Manta rays are vertebrates. Similar to elasmobranchs like sharks and other rays, they have a cartilaginous skeleton that supports and protects their internal organs.
While most people assume that all fish have bones, Manta Rays are one of the few species that belong to cartilage-based skeleton structures. They are also boneless species.
In this article, I will examine any evidence of whether Manta Rays are vertebrates or not. I will also dive into whether they have a spine or bones.
Manta rays are categorized as cartilaginous fish in the scientific world, including any fish with cartilage skeletons.
The family Mobulidae, which contains both manta rays and devil rays, comprises the latter group and includes manta rays.
The family Myliobatidae, which includes an eagle and cow nose rays, was originally used to categorize manta rays.
Manta rays, on the other hand, are unique enough to belong in their own family, the Mobulidae, according to the current study.
They are distinguished from other marine species by their distinctive traits, highlighted in this categorization.
In a word, manta rays are vertebrates.
Since Manta Rays are vertebrates, they have a range of adaptations that enable them to live and thrive in the water.
For instance, they have a complex respiratory mechanism enabling them to get oxygen from water and an efficient circulatory system maintaining a constant body temperature.
Invertebrates, on the other hand, lack a spinal column and backbone. They consist of many creatures, such as worms, insects, crustaceans, and crustaceans.
Certain invertebrates are aquatic and resemble manta rays in shape with their flattened bodies. However, these organisms are not closely related and have distinct skeletal systems and ways of existence.
We know Manta rays are a creature classified under the phylum Chordata. Usually, phylum Chordata belongs to both vertebrates and invertebrates. As with many species under phylum Chordata, manta rays are vertebrates.
They come with skeletons (made of cartilage) instead of bones. Yes, we can’t directly say that they have backbones (subphylum Vertebrata).
At the same time, we can’t deny the special skeletal formulas at their back because they are not under invertebrates species. However, they are classified under Cartilaginous fishes, which feature a skeleton (made of cartilage) not bone.
More significantly to say, rather than bone or backbone, they pose a special type of connective tissue. Interestingly, some researchers compared this connective tissue with a backbone.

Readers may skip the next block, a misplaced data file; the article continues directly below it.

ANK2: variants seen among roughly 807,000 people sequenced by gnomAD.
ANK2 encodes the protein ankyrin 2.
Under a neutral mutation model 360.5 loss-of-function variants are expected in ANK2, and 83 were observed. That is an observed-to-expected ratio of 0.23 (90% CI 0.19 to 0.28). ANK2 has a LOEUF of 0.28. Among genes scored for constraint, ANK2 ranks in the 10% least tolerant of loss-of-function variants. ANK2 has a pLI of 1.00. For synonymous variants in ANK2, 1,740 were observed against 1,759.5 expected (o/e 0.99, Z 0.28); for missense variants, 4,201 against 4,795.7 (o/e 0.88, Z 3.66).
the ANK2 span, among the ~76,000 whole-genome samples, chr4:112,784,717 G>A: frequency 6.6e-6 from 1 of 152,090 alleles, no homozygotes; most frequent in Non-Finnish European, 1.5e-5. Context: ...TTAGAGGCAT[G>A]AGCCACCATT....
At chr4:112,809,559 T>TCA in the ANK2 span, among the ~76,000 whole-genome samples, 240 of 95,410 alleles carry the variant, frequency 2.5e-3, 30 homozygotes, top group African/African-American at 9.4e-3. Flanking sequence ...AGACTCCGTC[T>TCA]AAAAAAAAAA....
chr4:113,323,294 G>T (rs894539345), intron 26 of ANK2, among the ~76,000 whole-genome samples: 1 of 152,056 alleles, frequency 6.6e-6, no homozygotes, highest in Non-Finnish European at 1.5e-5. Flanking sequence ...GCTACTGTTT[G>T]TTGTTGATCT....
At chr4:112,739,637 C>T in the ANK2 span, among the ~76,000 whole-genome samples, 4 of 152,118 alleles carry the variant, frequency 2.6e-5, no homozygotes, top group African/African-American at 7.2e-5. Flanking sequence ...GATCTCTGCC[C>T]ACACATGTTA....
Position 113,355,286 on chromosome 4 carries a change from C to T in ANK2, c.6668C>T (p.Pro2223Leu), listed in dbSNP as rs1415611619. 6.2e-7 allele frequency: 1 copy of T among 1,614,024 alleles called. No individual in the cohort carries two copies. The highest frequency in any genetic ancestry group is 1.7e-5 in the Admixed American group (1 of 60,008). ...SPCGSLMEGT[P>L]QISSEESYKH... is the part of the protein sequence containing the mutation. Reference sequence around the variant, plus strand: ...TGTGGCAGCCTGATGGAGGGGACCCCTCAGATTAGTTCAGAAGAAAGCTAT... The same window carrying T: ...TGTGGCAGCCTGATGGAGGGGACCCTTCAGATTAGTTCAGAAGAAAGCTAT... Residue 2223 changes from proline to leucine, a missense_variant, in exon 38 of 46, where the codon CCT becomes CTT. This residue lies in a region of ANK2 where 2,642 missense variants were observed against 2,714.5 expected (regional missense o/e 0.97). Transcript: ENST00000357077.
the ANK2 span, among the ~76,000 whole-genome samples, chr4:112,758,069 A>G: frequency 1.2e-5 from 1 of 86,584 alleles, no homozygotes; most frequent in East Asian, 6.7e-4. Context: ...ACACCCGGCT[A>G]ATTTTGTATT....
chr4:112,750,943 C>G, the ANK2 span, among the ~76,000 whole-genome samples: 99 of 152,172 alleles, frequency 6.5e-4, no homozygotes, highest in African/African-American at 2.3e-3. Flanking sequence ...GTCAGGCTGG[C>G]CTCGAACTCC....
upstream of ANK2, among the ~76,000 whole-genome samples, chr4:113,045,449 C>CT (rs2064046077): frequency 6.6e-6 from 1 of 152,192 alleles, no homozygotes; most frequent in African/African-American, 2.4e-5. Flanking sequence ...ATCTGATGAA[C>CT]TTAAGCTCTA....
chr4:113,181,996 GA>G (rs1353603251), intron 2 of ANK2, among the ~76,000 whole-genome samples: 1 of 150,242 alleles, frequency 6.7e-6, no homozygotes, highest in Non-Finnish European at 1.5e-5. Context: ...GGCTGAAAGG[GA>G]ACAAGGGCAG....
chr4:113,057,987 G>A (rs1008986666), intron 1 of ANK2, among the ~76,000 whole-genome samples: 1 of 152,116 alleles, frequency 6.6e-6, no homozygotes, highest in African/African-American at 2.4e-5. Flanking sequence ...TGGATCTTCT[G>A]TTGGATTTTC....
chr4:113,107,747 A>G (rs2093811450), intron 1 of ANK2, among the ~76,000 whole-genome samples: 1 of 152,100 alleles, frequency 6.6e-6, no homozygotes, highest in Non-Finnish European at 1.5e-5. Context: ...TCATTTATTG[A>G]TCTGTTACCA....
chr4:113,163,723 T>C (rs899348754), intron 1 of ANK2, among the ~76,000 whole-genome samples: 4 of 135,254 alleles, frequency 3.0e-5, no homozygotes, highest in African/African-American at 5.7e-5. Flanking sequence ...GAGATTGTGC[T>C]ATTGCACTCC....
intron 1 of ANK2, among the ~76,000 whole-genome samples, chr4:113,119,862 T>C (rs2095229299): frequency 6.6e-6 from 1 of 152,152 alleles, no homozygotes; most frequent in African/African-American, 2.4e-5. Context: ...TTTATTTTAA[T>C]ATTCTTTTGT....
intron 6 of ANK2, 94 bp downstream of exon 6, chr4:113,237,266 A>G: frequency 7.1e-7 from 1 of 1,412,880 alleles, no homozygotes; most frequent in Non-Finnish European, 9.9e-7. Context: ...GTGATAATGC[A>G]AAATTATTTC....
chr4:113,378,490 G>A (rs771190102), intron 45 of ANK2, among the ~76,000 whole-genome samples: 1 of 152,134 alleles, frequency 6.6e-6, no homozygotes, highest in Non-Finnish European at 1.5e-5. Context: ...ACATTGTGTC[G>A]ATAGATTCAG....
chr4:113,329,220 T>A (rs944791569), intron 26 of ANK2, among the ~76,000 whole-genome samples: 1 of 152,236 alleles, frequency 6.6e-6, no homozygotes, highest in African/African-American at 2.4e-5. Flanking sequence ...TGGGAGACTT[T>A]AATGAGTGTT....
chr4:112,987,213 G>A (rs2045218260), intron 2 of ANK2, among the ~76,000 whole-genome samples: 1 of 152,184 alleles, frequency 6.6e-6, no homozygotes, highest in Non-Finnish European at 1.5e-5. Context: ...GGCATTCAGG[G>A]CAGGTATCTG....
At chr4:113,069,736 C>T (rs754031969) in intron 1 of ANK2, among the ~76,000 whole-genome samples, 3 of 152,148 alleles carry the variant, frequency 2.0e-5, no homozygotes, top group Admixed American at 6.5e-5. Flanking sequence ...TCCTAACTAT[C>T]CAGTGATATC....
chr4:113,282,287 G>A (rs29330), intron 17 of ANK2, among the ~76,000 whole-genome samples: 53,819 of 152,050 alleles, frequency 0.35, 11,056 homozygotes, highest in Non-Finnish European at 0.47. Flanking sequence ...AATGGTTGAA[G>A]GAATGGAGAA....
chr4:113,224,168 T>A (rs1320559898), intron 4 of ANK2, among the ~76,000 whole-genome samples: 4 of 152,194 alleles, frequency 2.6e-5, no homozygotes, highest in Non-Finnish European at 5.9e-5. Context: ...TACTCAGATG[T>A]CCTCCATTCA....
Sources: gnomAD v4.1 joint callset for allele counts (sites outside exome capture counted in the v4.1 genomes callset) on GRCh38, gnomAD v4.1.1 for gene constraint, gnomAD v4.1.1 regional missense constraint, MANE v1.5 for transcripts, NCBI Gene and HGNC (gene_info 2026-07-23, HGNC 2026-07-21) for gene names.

But one thing is clear there is a difference between manta rays’ so-called vertebrae or connective tissue compared to other vertebrate creatures.
I mean, although Manta rays belong to a vertebrate family, but they pose only a supportive cartilage-based skeleton structure instead of a backbone. Actually, it’s a connective tissue that is lighter and more flexible.
More significantly, they don’t pose strong connective tissues (backbone) like other bony species.
Did you know? Manta rays are equipped with a set of cartilaginous fins that they employ for stability, propulsion, and steering.
These fins are connected to its disc-shaped body and are independently movable to aid the ray in navigating the water.
Manta rays are among the biggest and most stunning creatures in the water, despite not having any bones.
Do Manta Rays Have a Spine?
No, unlike most fish, Manta rays do not have a spine on their tail.
As mentioned above, Manta rays have a cartilaginous structure that is light and flexible and is the same as the cartilage found in the human ear and nose.
Due to this, Manta rays become more agile and able to navigate in the water more. They do have a ‘stinger’ on their tail, a modified spine known as a “spinelet.”
The spinelet is coated in a layer of skin and mucus rather than a real spine.
Both sharks and rays are vertebrates. The shark or rays also have a cartilaginous skeleton that supports and protects its internal organs, allowing quick swimming motion.
Sharks and rays have a central nervous system, a brain, and a spinal cord, much like other vertebrates do.
Moreover, they have closed circulatory systems that transport blood throughout their bodies and gills for respiration.
Hence, sharks and rays are considered vertebrates even if they may not resemble bony fish.
A single animal cannot be both a vertebrate and an invertebrate!
These terms indicate two different animal groups depending on whether an animal has a backbone or spinal column.
Vertebrates, including fish, reptiles, birds, and mammals, have completely developed internal skeletons made of bone or cartilage.
In contrast, the varied creatures known as invertebrates lack an internal skeleton or backbone. Insects, mollusks, crustaceans, and worms are a few examples.
But there are Chordates that include both vertebrates and invertebrates.
A group of creatures known as the Chordates includes vertebrates and certain invertebrate species like tunicates and lancelets.
Therefore, some chordates are vertebrates, and some are invertebrates.
While Manta rays do not have any bones, they have large brains relative to their body size. They are capable of sophisticated behaviors, such as problem-solving, memory retention, and social learning.
They are also known to exhibit curiosity and interact with humans in a friendly and playful manner.
While manta rays are certainly intelligent and impressive animals, it’s difficult to say whether they are the “smartest” fish without a more precise definition of what is meant by intelligence in this context.